Anna Calvi – ‘Hunted’
Sounds like … raw, ethereal songs for moody indie-types.
London-songwriter Anna Calvi exploded into our consciousness with one of the albums of the decade in Hunter last year, achieving critical acclaim worldwide, a Mercury Prize nomination and even a gig writing music for the Peaky Blinders soundtrack. At that point, you might think she’d be happy with her lot, put her feet up and enjoy the endless praise. However, she’s revisited the album and put together a mini-album of alternative versions of some of the best tracks on the original and it’s a real treat.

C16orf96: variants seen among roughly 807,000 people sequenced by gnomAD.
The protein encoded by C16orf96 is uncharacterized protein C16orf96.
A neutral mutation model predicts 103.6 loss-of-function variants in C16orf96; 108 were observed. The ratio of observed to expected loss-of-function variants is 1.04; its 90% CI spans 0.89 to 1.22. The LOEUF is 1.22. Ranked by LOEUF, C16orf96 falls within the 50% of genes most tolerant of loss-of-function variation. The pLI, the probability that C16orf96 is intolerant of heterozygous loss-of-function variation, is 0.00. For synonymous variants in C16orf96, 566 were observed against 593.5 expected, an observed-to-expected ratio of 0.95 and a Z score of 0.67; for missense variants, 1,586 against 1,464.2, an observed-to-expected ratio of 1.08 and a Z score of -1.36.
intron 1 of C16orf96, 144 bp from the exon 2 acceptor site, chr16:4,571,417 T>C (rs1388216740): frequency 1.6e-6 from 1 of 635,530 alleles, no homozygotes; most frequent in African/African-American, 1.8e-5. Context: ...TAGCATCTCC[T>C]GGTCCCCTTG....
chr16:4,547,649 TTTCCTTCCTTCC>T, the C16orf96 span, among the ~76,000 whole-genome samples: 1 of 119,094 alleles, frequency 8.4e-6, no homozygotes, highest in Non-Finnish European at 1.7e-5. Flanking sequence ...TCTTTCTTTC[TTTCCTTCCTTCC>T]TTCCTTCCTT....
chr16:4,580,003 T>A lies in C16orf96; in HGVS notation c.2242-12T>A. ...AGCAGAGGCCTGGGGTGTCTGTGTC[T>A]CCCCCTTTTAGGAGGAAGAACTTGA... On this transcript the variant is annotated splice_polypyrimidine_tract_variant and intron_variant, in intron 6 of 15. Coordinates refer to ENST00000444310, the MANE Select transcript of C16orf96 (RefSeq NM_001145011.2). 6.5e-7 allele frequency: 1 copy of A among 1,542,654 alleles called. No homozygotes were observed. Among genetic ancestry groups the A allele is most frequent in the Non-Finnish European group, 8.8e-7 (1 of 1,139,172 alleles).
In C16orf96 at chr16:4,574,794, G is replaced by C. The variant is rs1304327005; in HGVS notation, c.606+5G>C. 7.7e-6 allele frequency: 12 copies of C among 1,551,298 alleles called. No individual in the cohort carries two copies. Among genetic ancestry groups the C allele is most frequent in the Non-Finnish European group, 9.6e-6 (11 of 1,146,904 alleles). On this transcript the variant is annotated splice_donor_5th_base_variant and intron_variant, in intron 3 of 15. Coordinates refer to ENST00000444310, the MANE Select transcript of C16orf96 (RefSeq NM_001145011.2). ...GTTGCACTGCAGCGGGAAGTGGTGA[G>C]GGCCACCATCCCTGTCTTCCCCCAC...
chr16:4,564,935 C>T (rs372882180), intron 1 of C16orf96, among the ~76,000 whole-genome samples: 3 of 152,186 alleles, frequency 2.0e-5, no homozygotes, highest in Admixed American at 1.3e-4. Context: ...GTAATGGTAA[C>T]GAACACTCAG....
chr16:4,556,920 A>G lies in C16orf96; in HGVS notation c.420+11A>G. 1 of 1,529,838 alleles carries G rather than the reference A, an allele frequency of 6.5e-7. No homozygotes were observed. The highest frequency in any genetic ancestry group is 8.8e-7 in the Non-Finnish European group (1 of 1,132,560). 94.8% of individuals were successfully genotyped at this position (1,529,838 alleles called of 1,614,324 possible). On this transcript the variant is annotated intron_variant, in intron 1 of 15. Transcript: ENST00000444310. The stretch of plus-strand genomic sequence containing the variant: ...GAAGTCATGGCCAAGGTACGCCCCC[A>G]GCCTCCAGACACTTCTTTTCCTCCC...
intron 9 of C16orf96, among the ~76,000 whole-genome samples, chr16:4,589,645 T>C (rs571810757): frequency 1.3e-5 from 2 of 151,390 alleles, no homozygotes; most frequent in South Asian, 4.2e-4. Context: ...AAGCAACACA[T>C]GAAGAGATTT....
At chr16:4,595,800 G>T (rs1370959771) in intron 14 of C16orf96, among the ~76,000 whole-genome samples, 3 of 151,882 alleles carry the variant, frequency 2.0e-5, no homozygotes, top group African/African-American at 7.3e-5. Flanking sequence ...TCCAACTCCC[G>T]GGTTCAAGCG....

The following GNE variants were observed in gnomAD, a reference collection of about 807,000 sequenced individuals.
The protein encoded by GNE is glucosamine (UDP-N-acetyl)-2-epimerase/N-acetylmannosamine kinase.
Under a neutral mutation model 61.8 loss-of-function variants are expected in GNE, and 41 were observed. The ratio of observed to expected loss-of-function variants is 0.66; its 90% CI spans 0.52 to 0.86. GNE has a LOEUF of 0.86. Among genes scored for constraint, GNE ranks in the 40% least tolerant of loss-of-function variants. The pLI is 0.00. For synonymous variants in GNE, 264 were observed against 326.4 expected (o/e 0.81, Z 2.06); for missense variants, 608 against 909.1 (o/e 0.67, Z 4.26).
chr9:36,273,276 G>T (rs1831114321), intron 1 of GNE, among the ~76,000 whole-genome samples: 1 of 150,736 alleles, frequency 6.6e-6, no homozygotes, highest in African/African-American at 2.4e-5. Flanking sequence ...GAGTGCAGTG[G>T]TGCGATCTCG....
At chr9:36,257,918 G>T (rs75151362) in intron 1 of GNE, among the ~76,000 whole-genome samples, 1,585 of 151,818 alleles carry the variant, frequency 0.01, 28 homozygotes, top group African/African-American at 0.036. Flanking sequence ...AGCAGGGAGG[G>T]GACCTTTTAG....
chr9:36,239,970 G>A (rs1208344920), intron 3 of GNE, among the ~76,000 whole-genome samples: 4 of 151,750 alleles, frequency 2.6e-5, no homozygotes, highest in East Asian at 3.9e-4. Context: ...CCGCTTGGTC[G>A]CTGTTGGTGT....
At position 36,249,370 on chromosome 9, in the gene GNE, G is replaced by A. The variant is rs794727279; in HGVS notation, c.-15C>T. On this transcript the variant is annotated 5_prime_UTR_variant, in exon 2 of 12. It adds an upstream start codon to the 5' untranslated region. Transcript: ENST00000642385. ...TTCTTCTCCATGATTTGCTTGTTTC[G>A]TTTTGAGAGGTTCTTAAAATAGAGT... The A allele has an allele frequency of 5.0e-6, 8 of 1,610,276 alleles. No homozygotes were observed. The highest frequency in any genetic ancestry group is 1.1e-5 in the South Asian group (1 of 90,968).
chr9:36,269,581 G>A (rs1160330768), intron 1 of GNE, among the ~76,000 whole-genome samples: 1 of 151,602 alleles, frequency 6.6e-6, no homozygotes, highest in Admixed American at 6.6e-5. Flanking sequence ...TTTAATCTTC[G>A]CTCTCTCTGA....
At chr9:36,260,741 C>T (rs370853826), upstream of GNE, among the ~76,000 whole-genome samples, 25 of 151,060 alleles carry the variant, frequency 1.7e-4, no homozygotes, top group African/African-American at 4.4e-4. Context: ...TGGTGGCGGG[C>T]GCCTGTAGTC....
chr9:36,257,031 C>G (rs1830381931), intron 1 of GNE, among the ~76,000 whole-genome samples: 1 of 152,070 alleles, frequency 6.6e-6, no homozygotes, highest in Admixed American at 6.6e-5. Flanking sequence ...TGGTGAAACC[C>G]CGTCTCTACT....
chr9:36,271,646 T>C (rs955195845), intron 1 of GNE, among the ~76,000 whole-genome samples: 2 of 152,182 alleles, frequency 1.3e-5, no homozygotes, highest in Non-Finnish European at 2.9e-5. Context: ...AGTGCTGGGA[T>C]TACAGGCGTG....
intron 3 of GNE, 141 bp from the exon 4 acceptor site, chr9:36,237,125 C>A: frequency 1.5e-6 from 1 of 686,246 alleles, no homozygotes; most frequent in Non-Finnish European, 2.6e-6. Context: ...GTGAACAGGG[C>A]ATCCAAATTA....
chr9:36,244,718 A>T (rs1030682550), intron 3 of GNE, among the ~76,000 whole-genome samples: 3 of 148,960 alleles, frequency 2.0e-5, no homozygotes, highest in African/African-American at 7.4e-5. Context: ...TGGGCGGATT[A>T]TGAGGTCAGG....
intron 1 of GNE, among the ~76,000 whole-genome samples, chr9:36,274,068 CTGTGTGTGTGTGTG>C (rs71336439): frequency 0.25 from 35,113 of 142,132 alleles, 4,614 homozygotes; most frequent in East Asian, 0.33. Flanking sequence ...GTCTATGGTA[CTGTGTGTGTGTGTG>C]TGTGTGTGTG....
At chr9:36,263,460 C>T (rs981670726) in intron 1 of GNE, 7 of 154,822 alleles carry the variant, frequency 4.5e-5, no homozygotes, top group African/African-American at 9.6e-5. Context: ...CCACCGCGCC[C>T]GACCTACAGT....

I’m not usually a fan of re-hashing, re-visiting or remixing an album but when you bring the likes of IDLES, Charlotte Gainsbourg and Courtney Barnett into the mix my principles are easily swayed. The release opens with new versions of Swimming Pool and Hunter, both of which rescind the drum tracks from the original in place of ethereal, haunting soundscapes. Hunter in particular stands out, having kept some of the key moments from the original such as the massive second chorus and screaming, distorted guitar slides. The emotion factor is turned down a bit with the Courtney Barnett collaboration Don’t Beat The Girl Out of My Boy, which demonstrates a calming simplicity after the complex and cinematic nature of the previous tracks. The collaboration with IDLES’ Joe Talboat boasts the most energy on the release, sounding like an all-out riot-indie anthem that’s been stripped of its drum parts. The biggest compliment to give to the release, would be that it doesn’t sound like a revisiting of an already seminal album, but a record that stands on its own. (Aidan Grant)